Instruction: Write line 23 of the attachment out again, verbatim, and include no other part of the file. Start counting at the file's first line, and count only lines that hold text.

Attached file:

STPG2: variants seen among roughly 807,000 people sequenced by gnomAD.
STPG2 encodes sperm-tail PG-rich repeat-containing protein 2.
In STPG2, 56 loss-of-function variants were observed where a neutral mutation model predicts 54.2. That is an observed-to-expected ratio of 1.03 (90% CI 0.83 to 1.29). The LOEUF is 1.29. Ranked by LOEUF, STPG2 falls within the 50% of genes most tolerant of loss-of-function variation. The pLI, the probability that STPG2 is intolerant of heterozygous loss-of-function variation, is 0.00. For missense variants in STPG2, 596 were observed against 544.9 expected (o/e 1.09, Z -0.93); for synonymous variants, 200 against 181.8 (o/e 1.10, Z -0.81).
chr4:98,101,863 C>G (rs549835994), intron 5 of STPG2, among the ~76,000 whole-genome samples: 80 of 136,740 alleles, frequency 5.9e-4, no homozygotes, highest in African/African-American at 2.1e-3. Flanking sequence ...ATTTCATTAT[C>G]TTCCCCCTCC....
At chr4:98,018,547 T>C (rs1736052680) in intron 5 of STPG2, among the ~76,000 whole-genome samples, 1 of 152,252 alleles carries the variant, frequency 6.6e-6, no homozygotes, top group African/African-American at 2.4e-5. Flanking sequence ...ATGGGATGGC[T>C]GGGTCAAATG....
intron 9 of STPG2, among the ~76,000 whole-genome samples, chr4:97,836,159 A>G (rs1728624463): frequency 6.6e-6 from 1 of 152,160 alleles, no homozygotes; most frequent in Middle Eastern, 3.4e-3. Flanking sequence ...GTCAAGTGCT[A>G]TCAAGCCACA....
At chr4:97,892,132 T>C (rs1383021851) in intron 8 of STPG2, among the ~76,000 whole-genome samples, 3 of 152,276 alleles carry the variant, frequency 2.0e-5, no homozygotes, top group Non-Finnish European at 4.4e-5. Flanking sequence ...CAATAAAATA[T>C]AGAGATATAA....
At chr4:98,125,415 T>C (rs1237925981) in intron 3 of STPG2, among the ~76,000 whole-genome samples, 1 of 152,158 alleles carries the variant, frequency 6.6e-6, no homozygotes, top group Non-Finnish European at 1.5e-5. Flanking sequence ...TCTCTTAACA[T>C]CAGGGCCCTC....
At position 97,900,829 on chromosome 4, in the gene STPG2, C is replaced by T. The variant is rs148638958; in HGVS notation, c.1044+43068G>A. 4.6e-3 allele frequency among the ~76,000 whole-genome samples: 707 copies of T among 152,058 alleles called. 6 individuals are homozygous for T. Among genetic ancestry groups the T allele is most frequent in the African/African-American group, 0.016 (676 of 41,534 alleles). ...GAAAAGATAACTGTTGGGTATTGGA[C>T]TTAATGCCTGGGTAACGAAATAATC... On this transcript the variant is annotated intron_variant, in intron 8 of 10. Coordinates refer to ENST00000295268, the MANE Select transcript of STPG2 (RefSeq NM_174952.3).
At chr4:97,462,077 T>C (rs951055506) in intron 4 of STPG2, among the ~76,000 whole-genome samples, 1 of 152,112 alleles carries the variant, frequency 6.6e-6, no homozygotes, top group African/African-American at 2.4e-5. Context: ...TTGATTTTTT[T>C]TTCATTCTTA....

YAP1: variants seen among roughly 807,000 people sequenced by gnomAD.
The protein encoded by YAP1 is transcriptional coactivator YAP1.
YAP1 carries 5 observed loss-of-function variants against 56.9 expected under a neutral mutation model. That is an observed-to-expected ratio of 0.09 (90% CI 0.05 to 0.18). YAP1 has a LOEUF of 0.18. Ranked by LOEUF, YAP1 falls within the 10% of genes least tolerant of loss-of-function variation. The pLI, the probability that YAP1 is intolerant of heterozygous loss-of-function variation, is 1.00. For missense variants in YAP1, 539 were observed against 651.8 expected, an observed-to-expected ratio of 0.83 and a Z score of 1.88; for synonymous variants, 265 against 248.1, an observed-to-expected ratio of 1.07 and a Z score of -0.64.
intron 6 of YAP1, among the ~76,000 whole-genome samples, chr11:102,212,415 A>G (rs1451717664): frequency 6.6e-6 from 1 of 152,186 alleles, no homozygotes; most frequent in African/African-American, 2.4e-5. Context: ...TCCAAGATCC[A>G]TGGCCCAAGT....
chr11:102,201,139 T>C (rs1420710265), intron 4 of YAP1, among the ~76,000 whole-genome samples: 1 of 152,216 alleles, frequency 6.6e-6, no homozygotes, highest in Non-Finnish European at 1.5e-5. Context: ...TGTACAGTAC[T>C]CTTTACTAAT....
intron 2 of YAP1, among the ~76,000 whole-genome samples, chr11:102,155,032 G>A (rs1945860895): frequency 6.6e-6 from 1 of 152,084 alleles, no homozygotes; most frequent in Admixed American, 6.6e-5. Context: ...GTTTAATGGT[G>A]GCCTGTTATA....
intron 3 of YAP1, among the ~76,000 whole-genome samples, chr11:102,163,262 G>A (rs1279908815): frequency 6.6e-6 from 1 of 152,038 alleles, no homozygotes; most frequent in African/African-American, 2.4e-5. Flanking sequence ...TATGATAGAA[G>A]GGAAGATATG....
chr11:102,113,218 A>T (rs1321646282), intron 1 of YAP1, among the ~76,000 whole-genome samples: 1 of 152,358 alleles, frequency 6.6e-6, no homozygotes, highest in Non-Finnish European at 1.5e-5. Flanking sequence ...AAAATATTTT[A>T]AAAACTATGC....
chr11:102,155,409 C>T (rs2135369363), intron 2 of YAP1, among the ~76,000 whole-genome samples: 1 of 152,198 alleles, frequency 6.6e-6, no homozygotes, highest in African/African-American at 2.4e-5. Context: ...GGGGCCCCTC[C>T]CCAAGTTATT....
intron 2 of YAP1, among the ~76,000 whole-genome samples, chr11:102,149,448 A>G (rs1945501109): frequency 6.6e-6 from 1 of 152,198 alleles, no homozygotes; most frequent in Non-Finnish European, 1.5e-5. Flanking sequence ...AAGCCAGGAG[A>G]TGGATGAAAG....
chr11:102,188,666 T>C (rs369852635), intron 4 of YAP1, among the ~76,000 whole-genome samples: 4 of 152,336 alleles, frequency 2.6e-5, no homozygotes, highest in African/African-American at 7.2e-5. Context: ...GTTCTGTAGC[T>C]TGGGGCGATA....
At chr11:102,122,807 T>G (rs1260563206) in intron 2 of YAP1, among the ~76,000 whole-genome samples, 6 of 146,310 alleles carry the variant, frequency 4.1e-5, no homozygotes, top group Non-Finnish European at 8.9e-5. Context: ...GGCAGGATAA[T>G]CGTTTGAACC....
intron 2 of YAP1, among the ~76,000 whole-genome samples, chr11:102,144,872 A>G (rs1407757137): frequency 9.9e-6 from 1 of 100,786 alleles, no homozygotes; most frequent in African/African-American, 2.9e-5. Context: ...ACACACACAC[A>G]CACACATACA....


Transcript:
intron 2 of YAP1, among the ~76,000 whole-genome samples, chr11:102,144,872 A>G (rs1407757137): frequency 9.9e-6 from 1 of 100,786 alleles, no homozygotes; most frequent in African/African-American, 2.9e-5. Context: ...ACACACACAC[A>G]CACACATACA....